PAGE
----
This past week, I had the opportunity to attend the Learning Environments for Tomorrow [LEFT] conference at Harvard. The program was a joint collaboration between the Graduate School of Education and the Graduate School of Design, and was well attended by a diverse and international group of K-12 school administrators, educators, and architects. The focus of the conference was the consideration of new and emerging pedagogies in K-12 education and the resulting implications for the built school environment to support these innovations in education.
The program consisted of a series of seminars and talks by industry leaders in K-12 programming, practical school design, and educational research, as well as a design charrette during which we got a chance to implement some of the concepts that were introduced through team-based collaboration.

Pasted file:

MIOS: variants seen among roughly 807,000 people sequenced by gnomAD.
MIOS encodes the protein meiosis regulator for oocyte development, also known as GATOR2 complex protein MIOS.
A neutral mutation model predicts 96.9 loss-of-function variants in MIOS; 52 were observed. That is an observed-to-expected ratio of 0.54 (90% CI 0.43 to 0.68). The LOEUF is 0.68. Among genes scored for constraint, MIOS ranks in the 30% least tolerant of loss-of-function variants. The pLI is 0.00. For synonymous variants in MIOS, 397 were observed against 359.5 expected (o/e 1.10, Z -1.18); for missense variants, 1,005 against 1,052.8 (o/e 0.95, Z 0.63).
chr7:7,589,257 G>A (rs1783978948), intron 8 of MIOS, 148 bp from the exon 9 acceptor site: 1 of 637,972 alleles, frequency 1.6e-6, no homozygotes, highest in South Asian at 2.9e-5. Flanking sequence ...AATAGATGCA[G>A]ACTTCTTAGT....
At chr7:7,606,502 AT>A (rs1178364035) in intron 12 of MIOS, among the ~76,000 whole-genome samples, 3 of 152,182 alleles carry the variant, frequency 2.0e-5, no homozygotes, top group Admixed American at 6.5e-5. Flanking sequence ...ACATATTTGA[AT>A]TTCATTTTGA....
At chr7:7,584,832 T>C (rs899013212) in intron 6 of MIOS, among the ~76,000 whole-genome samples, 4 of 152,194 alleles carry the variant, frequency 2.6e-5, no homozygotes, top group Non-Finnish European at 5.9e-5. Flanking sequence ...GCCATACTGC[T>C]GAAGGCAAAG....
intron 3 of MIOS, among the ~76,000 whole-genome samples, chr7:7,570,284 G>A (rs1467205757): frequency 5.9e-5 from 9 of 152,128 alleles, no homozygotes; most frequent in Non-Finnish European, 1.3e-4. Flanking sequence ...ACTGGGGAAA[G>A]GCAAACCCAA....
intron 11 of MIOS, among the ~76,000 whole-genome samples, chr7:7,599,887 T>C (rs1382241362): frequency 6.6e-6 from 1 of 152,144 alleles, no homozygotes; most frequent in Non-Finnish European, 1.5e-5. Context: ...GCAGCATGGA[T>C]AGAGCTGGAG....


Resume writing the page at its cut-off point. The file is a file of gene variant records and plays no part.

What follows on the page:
The seminars presented a great opportunity to get some first-hand experience with and insights into project based learning, maker spaces, and sustainability curriculum (among other topics). One seminar threw us into a maker exercise where we designed and built a cardboard chair in about 15 minutes using a very limited set of tools and hardware. Another had us brainstorming projects for use in a project-based learning curriculum, using some inspirational project examples from High Tech High as precedents. As I typically approach these topics from an architectural design perspective, it was fascinating to get a better insight into these curriculums from an educational viewpoint.
The design charrette was an open-ended exercise that challenged teams to develop a theoretical client, program, and site – and then design a K-12 school that could support innovations in education for that particular client. I was impressed with the way that our team worked together seamlessly even though we hailed from various corners of the world including Illinois, Washington State, Australia, Germany, and Columbia. We discovered that current thinking in education such as project-based and maker-centric learning are universal around the country and the globe, making for some great collective thinking and design work.